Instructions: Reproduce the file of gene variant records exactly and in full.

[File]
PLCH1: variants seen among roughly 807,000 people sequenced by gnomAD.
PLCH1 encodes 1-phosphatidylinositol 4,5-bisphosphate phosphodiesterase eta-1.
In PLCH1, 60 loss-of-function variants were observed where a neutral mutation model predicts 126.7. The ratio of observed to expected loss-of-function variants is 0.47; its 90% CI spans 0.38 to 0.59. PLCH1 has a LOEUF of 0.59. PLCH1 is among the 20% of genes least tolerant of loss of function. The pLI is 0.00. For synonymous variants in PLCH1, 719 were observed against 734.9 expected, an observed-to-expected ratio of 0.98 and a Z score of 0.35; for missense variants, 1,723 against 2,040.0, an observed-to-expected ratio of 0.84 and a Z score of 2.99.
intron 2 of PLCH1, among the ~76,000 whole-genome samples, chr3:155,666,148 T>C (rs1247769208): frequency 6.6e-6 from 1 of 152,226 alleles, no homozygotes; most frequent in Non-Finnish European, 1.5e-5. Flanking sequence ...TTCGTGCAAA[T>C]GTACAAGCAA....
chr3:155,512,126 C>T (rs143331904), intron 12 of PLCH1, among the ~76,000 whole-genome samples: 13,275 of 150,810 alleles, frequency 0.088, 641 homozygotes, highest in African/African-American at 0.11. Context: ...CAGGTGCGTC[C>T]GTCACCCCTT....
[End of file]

PLCH1: variants seen among roughly 807,000 people sequenced by gnomAD.
PLCH1 encodes 1-phosphatidylinositol 4,5-bisphosphate phosphodiesterase eta-1.
In PLCH1, 60 loss-of-function variants were observed where a neutral mutation model predicts 126.7. The ratio of observed to expected loss-of-function variants is 0.47; its 90% CI spans 0.38 to 0.59. PLCH1 has a LOEUF of 0.59. PLCH1 is among the 20% of genes least tolerant of loss of function. The pLI is 0.00. For synonymous variants in PLCH1, 719 were observed against 734.9 expected, an observed-to-expected ratio of 0.98 and a Z score of 0.35; for missense variants, 1,723 against 2,040.0, an observed-to-expected ratio of 0.84 and a Z score of 2.99.
intron 2 of PLCH1, among the ~76,000 whole-genome samples, chr3:155,666,148 T>C (rs1247769208): frequency 6.6e-6 from 1 of 152,226 alleles, no homozygotes; most frequent in Non-Finnish European, 1.5e-5. Flanking sequence ...TTCGTGCAAA[T>C]GTACAAGCAA....
chr3:155,512,126 C>T (rs143331904), intron 12 of PLCH1, among the ~76,000 whole-genome samples: 13,275 of 150,810 alleles, frequency 0.088, 641 homozygotes, highest in African/African-American at 0.11. Context: ...CAGGTGCGTC[C>T]GTCACCCCTT....